USCIS proposes new alternative to attract International Entrepreneurs to stay in the US
August 24, 2016
International entrepreneurs, who find find it difficult to satisy the EB5 criteria as they are unable to raise overseas investment, may soon be provided an alternative route. US Citizenship and Immigration Services (USCIS) is proposing a new rule which is aimed at expanding immigration options for foreign entrepreneurs who meet certain criteria for creating jobs, attracting investment and generating revenue in the U.S. This rule would allow certain international entrepreneurs to be considered for parole (temporary permission to be in the United States) so that they may start or scale their businesses here in the United States.
The proposed rule would allow the Department of Homeland Security (DHS) to use its existing discretionary statutory parole authority for entrepreneurs of startup entities whose stay in the United States would provide a significant public benefit through the substantial and demonstrated potential for rapid business growth and job creation.
Initial Approval: As per the proposed rule, an entrepreneur may be granted an initial stay of upto two years to oversee and grow their startup in the US. To establish that the enterpreneur qualifies for this rule, it must be established that the enterpreneur created a new entity within the last 3 years and is well-positioned to advance the entity’s business, by providing evidence that he or she possesses a significant (at least 15 percent) ownership interest in the entity at the time of adjudication of the initial grant of parole and has an active and central role in the operations and future growth of the entity, such that his or her knowledge, skills, or experience would substantially assist the entity in conducting and growing its business in the United States.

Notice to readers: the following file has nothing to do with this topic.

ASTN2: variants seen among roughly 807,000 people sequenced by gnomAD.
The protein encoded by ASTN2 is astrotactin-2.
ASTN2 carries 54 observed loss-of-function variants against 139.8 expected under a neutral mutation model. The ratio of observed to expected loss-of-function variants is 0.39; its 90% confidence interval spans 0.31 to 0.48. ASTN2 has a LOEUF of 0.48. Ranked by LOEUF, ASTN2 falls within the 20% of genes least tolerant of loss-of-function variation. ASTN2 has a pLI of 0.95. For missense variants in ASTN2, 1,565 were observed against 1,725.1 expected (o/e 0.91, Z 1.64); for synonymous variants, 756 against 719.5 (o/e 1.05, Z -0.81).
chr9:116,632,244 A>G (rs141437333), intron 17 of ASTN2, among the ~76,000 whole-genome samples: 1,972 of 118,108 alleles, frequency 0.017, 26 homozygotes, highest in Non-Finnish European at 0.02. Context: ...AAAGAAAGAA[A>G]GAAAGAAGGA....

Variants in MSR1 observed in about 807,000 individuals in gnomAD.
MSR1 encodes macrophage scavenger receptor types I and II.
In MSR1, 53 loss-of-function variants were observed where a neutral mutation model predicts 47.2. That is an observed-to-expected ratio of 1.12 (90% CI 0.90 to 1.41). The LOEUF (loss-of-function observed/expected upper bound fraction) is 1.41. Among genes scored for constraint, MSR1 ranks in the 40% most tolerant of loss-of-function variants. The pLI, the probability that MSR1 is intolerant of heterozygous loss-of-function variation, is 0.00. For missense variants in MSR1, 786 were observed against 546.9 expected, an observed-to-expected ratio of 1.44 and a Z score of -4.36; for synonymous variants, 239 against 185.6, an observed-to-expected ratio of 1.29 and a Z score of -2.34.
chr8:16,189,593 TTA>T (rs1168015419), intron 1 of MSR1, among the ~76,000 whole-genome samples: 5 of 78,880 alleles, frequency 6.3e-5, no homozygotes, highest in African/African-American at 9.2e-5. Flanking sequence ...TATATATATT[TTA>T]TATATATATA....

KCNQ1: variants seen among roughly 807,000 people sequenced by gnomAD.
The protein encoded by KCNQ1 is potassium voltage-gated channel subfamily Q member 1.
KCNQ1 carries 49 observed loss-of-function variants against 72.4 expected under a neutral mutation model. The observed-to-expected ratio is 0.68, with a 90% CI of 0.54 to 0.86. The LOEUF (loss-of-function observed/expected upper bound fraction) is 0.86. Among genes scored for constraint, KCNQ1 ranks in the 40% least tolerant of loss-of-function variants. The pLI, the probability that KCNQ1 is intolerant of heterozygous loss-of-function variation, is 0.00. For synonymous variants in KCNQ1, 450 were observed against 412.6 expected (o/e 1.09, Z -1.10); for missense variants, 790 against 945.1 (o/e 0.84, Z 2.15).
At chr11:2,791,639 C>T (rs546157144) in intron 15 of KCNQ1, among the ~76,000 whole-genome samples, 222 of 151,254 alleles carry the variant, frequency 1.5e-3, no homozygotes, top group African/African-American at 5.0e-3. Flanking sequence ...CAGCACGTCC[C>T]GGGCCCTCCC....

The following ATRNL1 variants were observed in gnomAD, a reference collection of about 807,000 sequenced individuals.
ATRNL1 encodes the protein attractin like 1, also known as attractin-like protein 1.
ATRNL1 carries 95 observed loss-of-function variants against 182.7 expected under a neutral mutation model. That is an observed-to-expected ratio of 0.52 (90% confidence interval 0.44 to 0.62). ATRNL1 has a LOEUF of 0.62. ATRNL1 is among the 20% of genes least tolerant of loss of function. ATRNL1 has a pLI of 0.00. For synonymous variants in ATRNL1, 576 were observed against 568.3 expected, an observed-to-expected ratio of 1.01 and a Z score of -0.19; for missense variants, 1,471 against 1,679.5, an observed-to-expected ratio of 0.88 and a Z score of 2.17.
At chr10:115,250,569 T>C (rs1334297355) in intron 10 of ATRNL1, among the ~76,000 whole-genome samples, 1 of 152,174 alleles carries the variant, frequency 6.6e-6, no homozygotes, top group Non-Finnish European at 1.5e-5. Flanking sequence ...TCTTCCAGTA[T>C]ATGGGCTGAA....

To validate the entity’s substantial potential for rapid growth and job creation, the applicant may show that the entity has received significant investment of capital ($345,000 or more) from certain qualified U.S. investors with established records of successful investments, or that the start-up entity has received significant awards or grants ($4100,000 or more) from Federal, State or local government entities with expertise in economic development, research and development, and/or job creation. Alternatively, an applicant who partially meets one or more of the above sub-criteria related to capital investment or government funding may be considered for parole under this rule if he or she provides additional evidence that his or her entry would provide a significant public benefit to the United States.
Extension: USCIS may grant a subsequent request for extension of parole (for up to three additional years) only if the entrepreneur and the startup entity continue to provide a significant public benefit as evidenced by substantial increases in capital investment, revenue or job creation. To establish this, the applicant would need to demonstrate that the entity continues to lawfully operate business in the United States and have substantial potential for rapid growth and job creation. Moreover, the applicant should continue to be an entrepreneur of the start-up entity who is well-positioned to advance the entity’s business by continuing to possess at least 10 percent ownership interest in the entity and continue to have an active and central role in the operations and future growth of the entity. For parole extension, the applicant needs to satisfy though evidence that the start-up entity received additional substantial investments of capital ($500,000 or more) through qualified investments from U.S. investors or through significant awards or grants from government entities that regularly provide such funding to start-up entities; or a combination of both. Alternatively, the applicant may show that the start-up entity has generated substantial and rapidly increasing revenue in the United States (At least $500,000 in annual revenue with average growth at leat 20 % annually), or by creating at least 10 full-time jobs for U.S. workers during the initial parole period.
As with initial parole, an applicant who partially meets one or more of the above sub-criteria related to capital investment or government funding may be considered for parole extension under this rule if he or she provides additional evidence that his or her entry would provide a significant public benefit to the United States.
The text of the proposed rule that was announced by US Department of Homeland Security on August 24, 2016 can be read on the link below: